Trump stated during the rally, "We just saw it outside. You saw these thugs that came along these people call them protesters, isn't it beautiful?" The campaign claimed that protesters had prevented people from entering the BOK center and blocked metal detectors, though multiple journalists say they did not see this happen.
The Tulsa Police had reported just one arrest during the protests. They tweeted  after the event that "there are multiple groups of demonstrators with varying viewpoints in the area adjacent to the rally. Overwhelmingly these encounters have been peaceful with everyone attempting to share their views."
Use of the Tom Petty's "I Won't Back Down"
During the rally, the Tom Petty song "I Won't Back Down" was played. The estate of Tom Petty later tweeted an image that it had not given permission for the campaign to use the song and it had "issued an official cease and desist notice to the Trump campaign"
West Point Ramp Video / Drinking Water
During the speech, President Trump refuted reports of his failing health by drinking a glass of water with one hand. The week prior, President Trump lifted a glass of water with two hands and carefully walked down a ramp at West Point Military Military Academy, where he delivered a commencement address. In Tulsa, Trump said he drinks water that way to prevent spills:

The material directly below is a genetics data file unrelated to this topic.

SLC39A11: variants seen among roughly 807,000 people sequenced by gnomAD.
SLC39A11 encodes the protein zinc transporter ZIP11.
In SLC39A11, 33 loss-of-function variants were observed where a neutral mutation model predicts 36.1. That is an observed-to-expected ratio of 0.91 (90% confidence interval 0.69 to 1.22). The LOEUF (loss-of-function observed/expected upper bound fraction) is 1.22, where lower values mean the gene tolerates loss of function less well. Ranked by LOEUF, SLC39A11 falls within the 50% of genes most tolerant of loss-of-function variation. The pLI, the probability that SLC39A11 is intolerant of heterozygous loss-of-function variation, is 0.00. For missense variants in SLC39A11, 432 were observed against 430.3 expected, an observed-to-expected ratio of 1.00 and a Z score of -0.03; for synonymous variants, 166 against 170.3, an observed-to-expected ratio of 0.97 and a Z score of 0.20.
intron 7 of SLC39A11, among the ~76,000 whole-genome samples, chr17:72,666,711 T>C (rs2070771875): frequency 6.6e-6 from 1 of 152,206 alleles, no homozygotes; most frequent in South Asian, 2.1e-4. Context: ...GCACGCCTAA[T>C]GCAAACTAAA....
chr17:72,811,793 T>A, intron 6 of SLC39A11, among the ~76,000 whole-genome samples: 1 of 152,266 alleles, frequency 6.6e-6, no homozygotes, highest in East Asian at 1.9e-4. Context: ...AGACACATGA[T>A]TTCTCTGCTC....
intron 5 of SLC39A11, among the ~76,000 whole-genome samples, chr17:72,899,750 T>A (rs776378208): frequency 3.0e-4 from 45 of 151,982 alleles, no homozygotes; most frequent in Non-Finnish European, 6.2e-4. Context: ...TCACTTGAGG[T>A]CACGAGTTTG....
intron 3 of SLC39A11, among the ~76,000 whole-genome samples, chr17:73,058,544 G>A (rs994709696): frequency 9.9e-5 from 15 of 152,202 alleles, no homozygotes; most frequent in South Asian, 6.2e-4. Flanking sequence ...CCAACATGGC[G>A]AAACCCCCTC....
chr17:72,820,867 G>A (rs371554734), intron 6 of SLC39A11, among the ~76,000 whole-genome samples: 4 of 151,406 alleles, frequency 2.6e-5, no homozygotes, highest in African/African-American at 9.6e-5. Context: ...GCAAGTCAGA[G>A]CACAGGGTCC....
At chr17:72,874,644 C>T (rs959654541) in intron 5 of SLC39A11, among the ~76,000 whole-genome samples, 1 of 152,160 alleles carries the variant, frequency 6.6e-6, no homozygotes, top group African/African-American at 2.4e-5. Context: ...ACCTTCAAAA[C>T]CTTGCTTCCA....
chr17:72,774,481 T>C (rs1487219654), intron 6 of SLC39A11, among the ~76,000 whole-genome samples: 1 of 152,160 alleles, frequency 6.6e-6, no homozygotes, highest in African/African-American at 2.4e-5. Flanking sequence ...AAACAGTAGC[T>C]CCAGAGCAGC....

I look down at my tie because I’ve done it, I’ve taken water and spilled down onto your tie, it doesn’t look good for a long time, and frankly, the tie is never the same.
He also claimed that his arms were tired from saluting "600 times."
After he sipped from the glass in a performative manner, the crowd applauded.
Some online mocked the president for the comments. In particular, a video of actor Henry Winkler drinking a glass of water with one hand received more than 3 million views, 196,000 likes and 27,000 retweets in less than three days (shown below).